When to get rid of a dog? Part 1: THE JUNGLE FOWL INCIDENT

Discussion in 'Predators and Pests' started by BigIslandBirdman, Jul 18, 2011.

  1. BigIslandBirdman

    BigIslandBirdman Out Of The Brooder

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    I adopted Klöe from the pound five months ago, along with a companion dog Chochang. Klöe is a beautiful loving dog who has markings like snoopy. The pound told me she was a rotwiller mix- from her bark I could tell she had some pit in her, she howls in a high pitch tone Her demeanor is calm but can be hyper during play or when she first sees you. She minds very well and is extremely intelligent... Thankfully she comes when called and is very obedient. She is lazy and sleeps often and quite soundly. She is also nonchalant when it comes to the chickens in fact the chicken eat out her bowl and she never bothers them- she just blinks her eyes at them and goes back to sleep.

    Chochang on the other hand was a Shepard Mix- looked Australian with one distinctive blue eye and one brown eye. She was a beautiful chocolate brown with a beige Shepard markings. She never came when called, especially if her nose caught scent of something. I could tell from day one she possessed a strong prey drive- she pinned one of my full grown barred rock hens down and began pulling out her feathers; poor chicken was hollering for her dear life! Chochang was only about 12 weeks old when she did this! The chicken was ok, only a little startled. I thought I would take Chochang with me to gather eggs- when I got to the hen house my rooster suddenly attacked her followed by my hens- if I hadn't immediately picked her up, they would have pecked her eyes out- the hens were aiming as if guided by instinct for the eyes! It makes sense for survival to blind the predator as I was mesmerized by their team work! Chochang needless to say feared for HER dear life!

    I live on the east side of the Big Island and often have jungle fowl (wild chickens) that join my flock. I had both dogs on runners and kept them tide up when I was not at home and had my chickens locked away as well. One day when I came home from work chochang had killed a jungle fowl bird while she was tied up! The birds are next to impossible to catch because they are lightening fast and are fliers! Latter I observed how she caught the bird; she would crouch down behind some grass and wait for a chicken to eat some of her food. When the chicken least expect it she would pounce on them with the skill of a cat! It seldom worked as the wild chickens are quite fast and not easily taken. What an intelligent hunter use your boring dry dog food as bait, and maybe get a fresh chicken dinner! I always heard the myth that once the taste the blood they will always be killers. I considered giving her up because I was afraid she would get one of my silkies or perhaps a layer. I kept her, she was so beautiful and I would continue training both her and Klöe!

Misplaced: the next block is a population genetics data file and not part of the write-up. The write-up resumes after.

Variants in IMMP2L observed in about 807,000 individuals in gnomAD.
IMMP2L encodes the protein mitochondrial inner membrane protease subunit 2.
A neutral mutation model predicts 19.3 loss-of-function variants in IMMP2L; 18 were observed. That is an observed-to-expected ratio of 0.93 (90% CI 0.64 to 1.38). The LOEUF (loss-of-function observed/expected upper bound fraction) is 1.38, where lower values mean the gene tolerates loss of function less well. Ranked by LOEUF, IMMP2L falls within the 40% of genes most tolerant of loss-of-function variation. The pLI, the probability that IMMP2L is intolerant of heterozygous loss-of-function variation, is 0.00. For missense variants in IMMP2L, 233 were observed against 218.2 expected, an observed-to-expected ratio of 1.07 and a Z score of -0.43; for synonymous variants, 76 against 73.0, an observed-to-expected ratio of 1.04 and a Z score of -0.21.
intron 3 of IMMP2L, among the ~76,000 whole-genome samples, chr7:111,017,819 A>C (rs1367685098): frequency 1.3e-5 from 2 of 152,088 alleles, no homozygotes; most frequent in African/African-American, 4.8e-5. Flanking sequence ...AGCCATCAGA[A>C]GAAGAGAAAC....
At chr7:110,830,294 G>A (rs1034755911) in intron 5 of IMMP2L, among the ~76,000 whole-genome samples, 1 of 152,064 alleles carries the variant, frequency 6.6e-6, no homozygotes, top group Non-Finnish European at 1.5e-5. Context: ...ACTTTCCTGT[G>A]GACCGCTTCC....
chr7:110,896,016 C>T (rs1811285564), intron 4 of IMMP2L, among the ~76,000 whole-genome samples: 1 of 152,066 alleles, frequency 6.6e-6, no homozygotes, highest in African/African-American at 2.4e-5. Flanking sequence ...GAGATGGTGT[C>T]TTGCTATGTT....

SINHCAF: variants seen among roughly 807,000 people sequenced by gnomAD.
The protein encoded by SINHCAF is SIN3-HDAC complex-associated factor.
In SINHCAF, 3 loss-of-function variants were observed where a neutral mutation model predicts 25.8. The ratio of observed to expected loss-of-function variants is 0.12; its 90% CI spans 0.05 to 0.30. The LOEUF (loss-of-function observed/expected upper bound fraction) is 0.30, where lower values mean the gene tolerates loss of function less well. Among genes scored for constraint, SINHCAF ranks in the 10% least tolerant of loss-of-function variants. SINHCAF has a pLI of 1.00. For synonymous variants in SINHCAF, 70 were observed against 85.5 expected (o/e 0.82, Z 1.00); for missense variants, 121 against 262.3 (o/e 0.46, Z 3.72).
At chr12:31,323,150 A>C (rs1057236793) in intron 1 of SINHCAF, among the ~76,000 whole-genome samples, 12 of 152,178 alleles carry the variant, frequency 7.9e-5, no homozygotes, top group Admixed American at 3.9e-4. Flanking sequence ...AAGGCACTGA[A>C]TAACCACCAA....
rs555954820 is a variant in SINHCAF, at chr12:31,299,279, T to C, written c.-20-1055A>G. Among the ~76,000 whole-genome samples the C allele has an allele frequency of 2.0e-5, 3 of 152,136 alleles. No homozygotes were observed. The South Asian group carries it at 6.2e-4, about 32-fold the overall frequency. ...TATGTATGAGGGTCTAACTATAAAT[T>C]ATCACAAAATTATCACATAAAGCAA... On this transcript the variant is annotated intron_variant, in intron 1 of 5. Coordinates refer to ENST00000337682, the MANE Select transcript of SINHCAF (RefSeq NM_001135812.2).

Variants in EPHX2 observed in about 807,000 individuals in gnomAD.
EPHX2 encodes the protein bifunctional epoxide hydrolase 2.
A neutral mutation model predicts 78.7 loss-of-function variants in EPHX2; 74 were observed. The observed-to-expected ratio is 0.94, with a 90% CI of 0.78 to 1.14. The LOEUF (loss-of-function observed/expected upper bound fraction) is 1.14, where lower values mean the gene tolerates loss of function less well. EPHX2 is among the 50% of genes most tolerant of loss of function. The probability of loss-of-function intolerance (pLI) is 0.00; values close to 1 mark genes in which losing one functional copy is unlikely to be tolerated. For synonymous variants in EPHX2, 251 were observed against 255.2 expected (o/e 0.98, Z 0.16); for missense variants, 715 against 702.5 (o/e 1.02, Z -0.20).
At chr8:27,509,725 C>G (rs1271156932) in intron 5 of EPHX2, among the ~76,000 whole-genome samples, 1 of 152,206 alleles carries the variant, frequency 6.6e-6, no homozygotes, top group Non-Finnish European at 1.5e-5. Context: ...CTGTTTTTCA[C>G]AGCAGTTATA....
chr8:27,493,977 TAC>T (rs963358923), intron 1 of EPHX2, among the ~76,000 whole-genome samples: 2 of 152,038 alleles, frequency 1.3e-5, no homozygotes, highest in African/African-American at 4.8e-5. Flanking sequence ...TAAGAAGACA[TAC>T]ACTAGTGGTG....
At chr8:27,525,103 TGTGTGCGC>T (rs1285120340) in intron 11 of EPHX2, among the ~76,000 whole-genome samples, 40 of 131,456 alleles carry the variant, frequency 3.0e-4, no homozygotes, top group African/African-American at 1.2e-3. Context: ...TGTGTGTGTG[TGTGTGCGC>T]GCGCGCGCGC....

Was this the right decision? What would you have done? Is it really a myth once they taste the blood they will always be killers?
     
  2. ScaredOfShadows

    ScaredOfShadows Chillin' With My Peeps

    it is a myth that once they taste blood they will keep wanting it. Some dogs do have high prey drives and once they figure out something is FUN - (most dogs don't EAT their chicken kills, just kill them for FUN ) they can be hard to break of the habit. You have alot of work ahead of you.

    Advice - do not trust her off a leash near your chickens until you can teach her to come back to you when called and the command "leave it" (like drop it - just teach her to leave something alone on command) these two commands are the main foundation for a dog you can trust around prey animals. It may take weeks or months, but it can be done. If you want her to socialize with the chickens tie a leash or rope to her collar and to your waist or belt. - this way you still have command of her, and when she gets to interested in the chickens (crouches down, or throws her ears back and lowers her head - that tends to be key body language that a dog is going into stalk or predator mode) tug on that leash and tell her "NO, leave it" that should help to snap her out of it, and she will associate the command with what you want. be VERY repetitive, and do this as often as you can (taking her around the chickens on a tie and reinforcing what you want her to learn) for atleast a month. if she is still a puppy, i really wouldn't trust her, until you can observe her sitting by the chickens like the other dog ignoring their presence. Dogs need to learn chickens are part of the pack - even the wild fowl as they ARE chickens...She has to learn they are not to be touched, because YOU her ALPHA has told her so.